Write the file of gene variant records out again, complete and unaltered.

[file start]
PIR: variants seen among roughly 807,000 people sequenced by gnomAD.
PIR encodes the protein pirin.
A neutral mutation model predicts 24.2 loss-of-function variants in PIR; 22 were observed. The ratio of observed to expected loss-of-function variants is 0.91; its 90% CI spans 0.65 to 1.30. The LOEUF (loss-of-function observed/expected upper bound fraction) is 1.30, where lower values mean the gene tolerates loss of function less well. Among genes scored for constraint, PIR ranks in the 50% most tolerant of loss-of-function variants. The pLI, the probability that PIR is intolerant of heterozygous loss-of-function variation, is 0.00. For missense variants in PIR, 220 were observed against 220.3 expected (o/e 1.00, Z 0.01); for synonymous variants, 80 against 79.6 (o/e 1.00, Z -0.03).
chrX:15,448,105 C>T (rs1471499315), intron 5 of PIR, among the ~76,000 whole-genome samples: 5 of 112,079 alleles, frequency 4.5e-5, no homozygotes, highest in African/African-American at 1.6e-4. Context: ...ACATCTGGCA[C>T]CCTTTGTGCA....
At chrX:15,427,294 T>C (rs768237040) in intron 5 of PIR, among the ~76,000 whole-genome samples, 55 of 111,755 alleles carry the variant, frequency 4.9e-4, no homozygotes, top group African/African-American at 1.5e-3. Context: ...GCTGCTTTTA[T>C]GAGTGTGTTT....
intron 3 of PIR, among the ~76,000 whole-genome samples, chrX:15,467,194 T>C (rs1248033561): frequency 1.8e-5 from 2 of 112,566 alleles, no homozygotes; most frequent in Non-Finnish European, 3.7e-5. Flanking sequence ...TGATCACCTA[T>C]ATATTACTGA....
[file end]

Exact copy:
PIR: variants seen among roughly 807,000 people sequenced by gnomAD.
PIR encodes the protein pirin.
A neutral mutation model predicts 24.2 loss-of-function variants in PIR; 22 were observed. The ratio of observed to expected loss-of-function variants is 0.91; its 90% CI spans 0.65 to 1.30. The LOEUF (loss-of-function observed/expected upper bound fraction) is 1.30, where lower values mean the gene tolerates loss of function less well. Among genes scored for constraint, PIR ranks in the 50% most tolerant of loss-of-function variants. The pLI, the probability that PIR is intolerant of heterozygous loss-of-function variation, is 0.00. For missense variants in PIR, 220 were observed against 220.3 expected (o/e 1.00, Z 0.01); for synonymous variants, 80 against 79.6 (o/e 1.00, Z -0.03).
chrX:15,448,105 C>T (rs1471499315), intron 5 of PIR, among the ~76,000 whole-genome samples: 5 of 112,079 alleles, frequency 4.5e-5, no homozygotes, highest in African/African-American at 1.6e-4. Context: ...ACATCTGGCA[C>T]CCTTTGTGCA....
At chrX:15,427,294 T>C (rs768237040) in intron 5 of PIR, among the ~76,000 whole-genome samples, 55 of 111,755 alleles carry the variant, frequency 4.9e-4, no homozygotes, top group African/African-American at 1.5e-3. Context: ...GCTGCTTTTA[T>C]GAGTGTGTTT....
intron 3 of PIR, among the ~76,000 whole-genome samples, chrX:15,467,194 T>C (rs1248033561): frequency 1.8e-5 from 2 of 112,566 alleles, no homozygotes; most frequent in Non-Finnish European, 3.7e-5. Flanking sequence ...TGATCACCTA[T>C]ATATTACTGA....